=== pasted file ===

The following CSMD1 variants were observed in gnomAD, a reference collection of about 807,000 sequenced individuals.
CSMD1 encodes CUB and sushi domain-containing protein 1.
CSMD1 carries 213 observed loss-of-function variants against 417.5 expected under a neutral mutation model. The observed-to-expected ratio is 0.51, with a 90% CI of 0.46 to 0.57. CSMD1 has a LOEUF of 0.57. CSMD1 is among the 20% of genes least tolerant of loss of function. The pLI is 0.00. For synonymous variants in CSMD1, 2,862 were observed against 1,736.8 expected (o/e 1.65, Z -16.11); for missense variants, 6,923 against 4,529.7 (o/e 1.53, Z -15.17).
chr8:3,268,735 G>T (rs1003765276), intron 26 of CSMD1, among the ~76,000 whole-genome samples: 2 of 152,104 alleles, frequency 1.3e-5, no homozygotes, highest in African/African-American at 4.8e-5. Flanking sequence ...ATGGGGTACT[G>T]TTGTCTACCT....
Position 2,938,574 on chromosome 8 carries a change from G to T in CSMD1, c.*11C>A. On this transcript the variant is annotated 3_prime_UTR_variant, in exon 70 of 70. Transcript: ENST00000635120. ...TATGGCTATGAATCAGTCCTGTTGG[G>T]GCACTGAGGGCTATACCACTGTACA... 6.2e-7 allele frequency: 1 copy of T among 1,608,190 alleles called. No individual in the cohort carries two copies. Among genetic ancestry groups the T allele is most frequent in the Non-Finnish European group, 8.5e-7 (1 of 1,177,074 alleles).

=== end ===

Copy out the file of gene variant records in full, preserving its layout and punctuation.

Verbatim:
The following CSMD1 variants were observed in gnomAD, a reference collection of about 807,000 sequenced individuals.
CSMD1 encodes CUB and sushi domain-containing protein 1.
CSMD1 carries 213 observed loss-of-function variants against 417.5 expected under a neutral mutation model. The observed-to-expected ratio is 0.51, with a 90% CI of 0.46 to 0.57. CSMD1 has a LOEUF of 0.57. CSMD1 is among the 20% of genes least tolerant of loss of function. The pLI is 0.00. For synonymous variants in CSMD1, 2,862 were observed against 1,736.8 expected (o/e 1.65, Z -16.11); for missense variants, 6,923 against 4,529.7 (o/e 1.53, Z -15.17).
chr8:3,268,735 G>T (rs1003765276), intron 26 of CSMD1, among the ~76,000 whole-genome samples: 2 of 152,104 alleles, frequency 1.3e-5, no homozygotes, highest in African/African-American at 4.8e-5. Flanking sequence ...ATGGGGTACT[G>T]TTGTCTACCT....
Position 2,938,574 on chromosome 8 carries a change from G to T in CSMD1, c.*11C>A. On this transcript the variant is annotated 3_prime_UTR_variant, in exon 70 of 70. Transcript: ENST00000635120. ...TATGGCTATGAATCAGTCCTGTTGG[G>T]GCACTGAGGGCTATACCACTGTACA... 6.2e-7 allele frequency: 1 copy of T among 1,608,190 alleles called. No individual in the cohort carries two copies. Among genetic ancestry groups the T allele is most frequent in the Non-Finnish European group, 8.5e-7 (1 of 1,177,074 alleles).